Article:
TMCNet:  Helper robots make debut in German home for elderly

[January 16, 2011]

Helper robots make debut in German home for elderly

STUTTGART, Jan 17, 2011 (dpa - McClatchy-Tribune Information Services via COMTEX) -- Casero is not the sort of robot that appears in science fiction movies. It has no arms, legs, or face and cannot speak. But in two or three years the electronic helper, about the size of a shopping trolley, could become a popular colleague of care workers in homes for the elderly.

A response to Germany's ageing population, Casero is the brainchild of a Duisburg University research team backed by the Federal Ministry of Education and Research.

Casero orients itself with the help of several cameras, rolling up and down the corridors independently and carrying loads of up to 100 kilograms. It has a flaw, though. "Casero is as expensive as a full-time worker" or midsize automobile, said Volker Bessler, a care worker at the Stuttgart home for the elderly where the service robots were first tested.

Nevertheless, the investment could pay off, noted Diego Compagna, a sociologist at Duisburg University. "Care workers could spend time with the home's residents that they'd otherwise be using to transport objects," he said.

Transport robots have been around for almost 40 years. What is new about Casero, according to Compagna, is that it guides itself and steers clear of obstacles -- and is small and manoeuvrable, too.

Experts term Casero a "self-guiding transport system." Using a number of sensors and cameras, this robo-mule can negotiate corridors without bumping into walls or people. Casero can even take a lift, summoning it via a wireless internet connection and riding by itself to a different floor.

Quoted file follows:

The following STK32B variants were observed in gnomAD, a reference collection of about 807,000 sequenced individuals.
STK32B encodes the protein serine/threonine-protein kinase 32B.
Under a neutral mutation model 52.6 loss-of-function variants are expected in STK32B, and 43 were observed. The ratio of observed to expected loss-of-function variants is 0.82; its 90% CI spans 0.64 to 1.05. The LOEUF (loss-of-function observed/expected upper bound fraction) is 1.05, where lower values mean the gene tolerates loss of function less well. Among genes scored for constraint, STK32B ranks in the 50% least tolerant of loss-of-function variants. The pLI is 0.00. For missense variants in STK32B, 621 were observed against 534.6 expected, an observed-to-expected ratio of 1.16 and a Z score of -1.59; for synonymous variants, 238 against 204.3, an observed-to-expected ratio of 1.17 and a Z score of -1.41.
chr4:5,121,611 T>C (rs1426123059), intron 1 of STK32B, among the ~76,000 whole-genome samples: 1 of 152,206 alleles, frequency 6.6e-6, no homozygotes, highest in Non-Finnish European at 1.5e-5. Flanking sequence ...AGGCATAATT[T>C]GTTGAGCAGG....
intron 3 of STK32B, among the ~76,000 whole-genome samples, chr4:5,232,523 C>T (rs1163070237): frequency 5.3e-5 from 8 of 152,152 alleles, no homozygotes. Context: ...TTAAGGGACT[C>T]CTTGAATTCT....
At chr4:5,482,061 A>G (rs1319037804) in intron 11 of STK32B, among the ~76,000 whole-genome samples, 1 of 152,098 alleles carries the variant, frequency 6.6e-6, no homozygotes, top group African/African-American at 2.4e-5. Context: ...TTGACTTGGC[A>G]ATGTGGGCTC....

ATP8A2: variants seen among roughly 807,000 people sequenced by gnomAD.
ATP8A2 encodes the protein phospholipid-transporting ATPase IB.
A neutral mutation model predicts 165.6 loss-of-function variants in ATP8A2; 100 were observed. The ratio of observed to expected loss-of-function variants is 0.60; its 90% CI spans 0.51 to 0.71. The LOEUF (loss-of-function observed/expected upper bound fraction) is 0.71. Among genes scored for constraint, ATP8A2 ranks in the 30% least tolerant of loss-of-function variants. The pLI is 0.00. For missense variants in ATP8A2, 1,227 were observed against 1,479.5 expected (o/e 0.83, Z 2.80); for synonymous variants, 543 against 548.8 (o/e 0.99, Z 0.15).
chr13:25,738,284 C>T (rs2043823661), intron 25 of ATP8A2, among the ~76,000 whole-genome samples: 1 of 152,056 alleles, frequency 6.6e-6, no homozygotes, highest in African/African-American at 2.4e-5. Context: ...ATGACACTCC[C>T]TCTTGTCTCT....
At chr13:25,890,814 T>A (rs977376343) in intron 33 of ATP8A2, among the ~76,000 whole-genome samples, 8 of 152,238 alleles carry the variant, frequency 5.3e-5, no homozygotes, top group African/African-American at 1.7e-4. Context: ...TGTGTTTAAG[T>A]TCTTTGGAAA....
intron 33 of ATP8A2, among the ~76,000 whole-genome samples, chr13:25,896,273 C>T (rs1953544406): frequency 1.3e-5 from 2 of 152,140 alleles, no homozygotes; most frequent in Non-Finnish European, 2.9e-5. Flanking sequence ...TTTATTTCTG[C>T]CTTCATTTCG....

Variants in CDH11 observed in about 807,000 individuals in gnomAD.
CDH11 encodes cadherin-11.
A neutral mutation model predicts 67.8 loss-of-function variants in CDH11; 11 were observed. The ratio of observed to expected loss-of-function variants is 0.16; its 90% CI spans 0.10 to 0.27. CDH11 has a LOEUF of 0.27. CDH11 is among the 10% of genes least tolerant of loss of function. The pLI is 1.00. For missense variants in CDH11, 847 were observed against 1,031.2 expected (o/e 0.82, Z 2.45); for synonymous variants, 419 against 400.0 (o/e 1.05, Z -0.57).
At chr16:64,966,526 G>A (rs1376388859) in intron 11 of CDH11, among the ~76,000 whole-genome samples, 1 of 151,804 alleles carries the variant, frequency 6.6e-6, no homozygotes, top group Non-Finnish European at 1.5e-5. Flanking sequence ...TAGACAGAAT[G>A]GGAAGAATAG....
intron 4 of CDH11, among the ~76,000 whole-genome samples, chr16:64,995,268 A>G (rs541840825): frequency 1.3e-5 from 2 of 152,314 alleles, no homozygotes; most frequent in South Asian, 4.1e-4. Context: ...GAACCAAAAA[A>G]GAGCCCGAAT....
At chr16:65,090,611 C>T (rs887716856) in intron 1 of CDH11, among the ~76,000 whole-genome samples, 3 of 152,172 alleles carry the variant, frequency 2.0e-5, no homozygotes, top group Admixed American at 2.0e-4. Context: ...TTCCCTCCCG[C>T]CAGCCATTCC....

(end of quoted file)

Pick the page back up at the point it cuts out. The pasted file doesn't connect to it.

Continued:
While Casero is already well-developed, its brother, Care-O-Bot 3, is still in robot infancy. A very polite geriatric nurse, Care-O-Bot 3 first introduces itself upon entering a room. When it hands a drink on a tray to the senior citizens, it amiably asks them to empty the glass.

Not every home resident was pleased with the service during the robot's test run last spring, however. One is said to have remarked that he would not take anything brought by a robot.

Other residents were delighted with the electronic servant, which, after all, was specially designed to meet their needs.

When the Duisburg researchers observed the care workers' daily routines and tasks, they soon noticed that there was seldom enough time to exchange a few kind words with patients. Staff shortages were everywhere. While the robots run errands and allow games to be played on their displays, care workers could devote more of their time to caring for the elderly.

In contrast to its often underpaid flesh-and-blood colleagues, Care-O-Bot 3, with its innards of circuit boards and wiring, costs nearly a quarter of a million euros (322,000 dollars).

A big reason for the high price is the sophisticated technology in the robot's head. Thanks to colour cameras that survey their surroundings in a way similar to human eyes and an infrared 3D scanner, it can even recognize faces. When a person's photograph is fed into its electronic memory, Care-O-Bot 3 can distinguish it from a multitude of other people's.

No decision has yet been made on when the one-armed geriatric nurse can go into production. Financing for the project has been secured until 2013.

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